9 November 2009 | Allie Anderson
Suppliers face a "postcode lottery" when it comes to getting paid by UK councils, figures suggest.
The Forum of Private Business (FPB), which represents small businesses, asked local authorities in England, Wales, Scotland and Northern Ireland the average time it took for them to pay suppliers between 2008 and 2009. Of the 434 local authorities in the UK probed, 374 responded.
The average length of time for all councils to settle invoices was 19.4 days. This is despite a government recommendation that small businesses be paid within 10 days.
The figures ranged from an average of 18 days in England to 37.2 days in Northern Ireland. Across the UK, the average number of bills paid in 10 days was just 42 per cent.
There were also huge variations regionally. South Northamptonshire Council came out on top, paying 91 per cent of its bills on time and settling invoices in an average of six days. However, neither Argyll and Bute Council nor Down District Council managed to pay any bills within the target timeframe.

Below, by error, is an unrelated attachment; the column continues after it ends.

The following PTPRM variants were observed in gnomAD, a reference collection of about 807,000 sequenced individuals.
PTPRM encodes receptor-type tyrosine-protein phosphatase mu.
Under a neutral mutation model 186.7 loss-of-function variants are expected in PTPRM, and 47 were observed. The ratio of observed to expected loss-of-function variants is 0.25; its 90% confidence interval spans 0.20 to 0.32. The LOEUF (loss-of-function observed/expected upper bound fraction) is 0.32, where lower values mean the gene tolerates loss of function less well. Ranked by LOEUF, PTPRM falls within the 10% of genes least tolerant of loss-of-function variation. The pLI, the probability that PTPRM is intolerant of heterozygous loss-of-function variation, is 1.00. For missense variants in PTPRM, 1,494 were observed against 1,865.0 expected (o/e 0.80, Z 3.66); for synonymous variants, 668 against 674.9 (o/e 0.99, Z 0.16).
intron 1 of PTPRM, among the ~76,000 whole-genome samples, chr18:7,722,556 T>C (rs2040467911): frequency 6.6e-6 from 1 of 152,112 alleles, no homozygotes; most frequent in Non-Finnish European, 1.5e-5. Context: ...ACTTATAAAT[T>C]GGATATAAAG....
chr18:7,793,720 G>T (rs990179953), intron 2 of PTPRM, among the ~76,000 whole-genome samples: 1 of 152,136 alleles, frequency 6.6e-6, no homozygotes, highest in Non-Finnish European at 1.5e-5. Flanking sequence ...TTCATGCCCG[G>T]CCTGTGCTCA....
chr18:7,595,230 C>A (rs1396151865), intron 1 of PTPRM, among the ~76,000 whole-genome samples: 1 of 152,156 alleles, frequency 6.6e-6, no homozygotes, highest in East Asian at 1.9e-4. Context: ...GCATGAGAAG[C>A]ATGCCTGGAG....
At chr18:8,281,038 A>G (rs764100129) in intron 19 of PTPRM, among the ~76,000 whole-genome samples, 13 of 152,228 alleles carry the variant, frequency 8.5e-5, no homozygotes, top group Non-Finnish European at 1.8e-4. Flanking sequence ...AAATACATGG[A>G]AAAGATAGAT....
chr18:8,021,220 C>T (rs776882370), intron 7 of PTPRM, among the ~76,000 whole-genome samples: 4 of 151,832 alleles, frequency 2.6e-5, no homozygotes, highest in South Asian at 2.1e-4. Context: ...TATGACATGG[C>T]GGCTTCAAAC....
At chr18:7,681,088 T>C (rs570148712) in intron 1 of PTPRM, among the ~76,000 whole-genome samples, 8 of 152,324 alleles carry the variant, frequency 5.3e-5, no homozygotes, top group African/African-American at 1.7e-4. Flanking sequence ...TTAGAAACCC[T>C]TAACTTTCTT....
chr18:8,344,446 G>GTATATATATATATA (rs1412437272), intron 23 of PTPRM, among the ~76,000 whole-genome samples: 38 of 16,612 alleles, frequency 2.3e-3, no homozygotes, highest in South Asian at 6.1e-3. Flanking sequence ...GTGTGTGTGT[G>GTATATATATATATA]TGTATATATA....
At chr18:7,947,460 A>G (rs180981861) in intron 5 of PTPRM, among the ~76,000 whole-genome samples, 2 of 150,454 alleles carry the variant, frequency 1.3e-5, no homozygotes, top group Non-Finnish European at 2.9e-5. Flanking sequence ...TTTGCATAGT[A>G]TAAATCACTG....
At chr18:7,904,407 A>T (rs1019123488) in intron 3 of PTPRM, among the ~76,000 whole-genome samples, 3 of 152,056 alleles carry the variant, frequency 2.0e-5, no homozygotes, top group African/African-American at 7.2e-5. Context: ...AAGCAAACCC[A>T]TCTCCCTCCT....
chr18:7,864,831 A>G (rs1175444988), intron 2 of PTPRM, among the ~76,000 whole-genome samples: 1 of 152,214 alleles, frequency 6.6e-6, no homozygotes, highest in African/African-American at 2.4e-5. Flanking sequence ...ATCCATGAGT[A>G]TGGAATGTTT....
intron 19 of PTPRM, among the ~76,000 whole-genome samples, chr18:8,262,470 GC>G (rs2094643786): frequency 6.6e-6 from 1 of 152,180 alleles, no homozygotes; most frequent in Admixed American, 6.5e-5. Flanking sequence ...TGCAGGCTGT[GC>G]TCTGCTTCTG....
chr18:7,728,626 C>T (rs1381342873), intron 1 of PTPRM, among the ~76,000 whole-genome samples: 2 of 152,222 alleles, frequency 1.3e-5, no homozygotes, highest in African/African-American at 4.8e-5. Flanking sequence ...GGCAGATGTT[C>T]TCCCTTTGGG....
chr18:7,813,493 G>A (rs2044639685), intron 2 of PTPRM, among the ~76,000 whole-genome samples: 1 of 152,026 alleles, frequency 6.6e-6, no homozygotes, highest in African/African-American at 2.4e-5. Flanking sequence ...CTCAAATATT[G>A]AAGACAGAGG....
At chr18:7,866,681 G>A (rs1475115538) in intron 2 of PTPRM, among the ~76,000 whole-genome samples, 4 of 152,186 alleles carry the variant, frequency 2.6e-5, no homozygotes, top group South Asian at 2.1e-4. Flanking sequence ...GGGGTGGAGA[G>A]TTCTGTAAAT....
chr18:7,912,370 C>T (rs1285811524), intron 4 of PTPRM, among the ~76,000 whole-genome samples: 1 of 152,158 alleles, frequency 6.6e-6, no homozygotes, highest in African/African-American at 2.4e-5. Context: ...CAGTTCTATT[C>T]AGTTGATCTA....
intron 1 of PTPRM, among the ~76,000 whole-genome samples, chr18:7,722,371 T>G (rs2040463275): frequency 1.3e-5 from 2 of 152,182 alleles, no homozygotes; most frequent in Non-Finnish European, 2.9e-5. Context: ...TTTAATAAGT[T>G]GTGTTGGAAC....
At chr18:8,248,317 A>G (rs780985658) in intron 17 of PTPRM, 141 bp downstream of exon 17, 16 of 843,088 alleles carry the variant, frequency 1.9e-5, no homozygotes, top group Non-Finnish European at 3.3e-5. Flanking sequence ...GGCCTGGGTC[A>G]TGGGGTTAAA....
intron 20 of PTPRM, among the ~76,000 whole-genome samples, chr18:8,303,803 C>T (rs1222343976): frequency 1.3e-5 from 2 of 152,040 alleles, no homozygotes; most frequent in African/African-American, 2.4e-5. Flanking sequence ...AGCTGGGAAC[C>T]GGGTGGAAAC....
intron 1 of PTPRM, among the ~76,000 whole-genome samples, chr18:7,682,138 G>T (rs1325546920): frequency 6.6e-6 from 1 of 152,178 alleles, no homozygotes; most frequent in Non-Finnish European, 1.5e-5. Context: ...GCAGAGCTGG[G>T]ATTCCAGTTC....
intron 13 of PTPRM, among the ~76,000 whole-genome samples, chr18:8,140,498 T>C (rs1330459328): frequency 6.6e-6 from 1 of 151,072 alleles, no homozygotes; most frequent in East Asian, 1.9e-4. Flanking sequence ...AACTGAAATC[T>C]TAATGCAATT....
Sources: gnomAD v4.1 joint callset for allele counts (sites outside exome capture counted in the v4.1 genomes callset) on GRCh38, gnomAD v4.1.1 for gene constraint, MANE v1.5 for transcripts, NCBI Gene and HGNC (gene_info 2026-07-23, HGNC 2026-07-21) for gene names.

The FPB's research comes a year after business secretary Lord Mandelson set out the 10-day payment pledge, to help improve supplier cash flow during the recession (News, 30 October 2008).
Noel Guildford, national chairman of the FPB, said: "These figures reveal that businesses face a payment postcode lottery when carrying out local authority work. Some businesses are paid for their goods and services within a few hours but some have to wait more than a month before receiving the money owed to them. It all depends on which council they are working for and where they are in the country.
"While some local authorities took instant action in response to Lord Mandelson's calls for 10-day payment a year ago, this research appears to show that others are completely oblivious to it, even now."
Guildford, however, did go on to point out that while the study's findings are disappointing, smaller suppliers are receiving payment from councils more quickly than from big companies.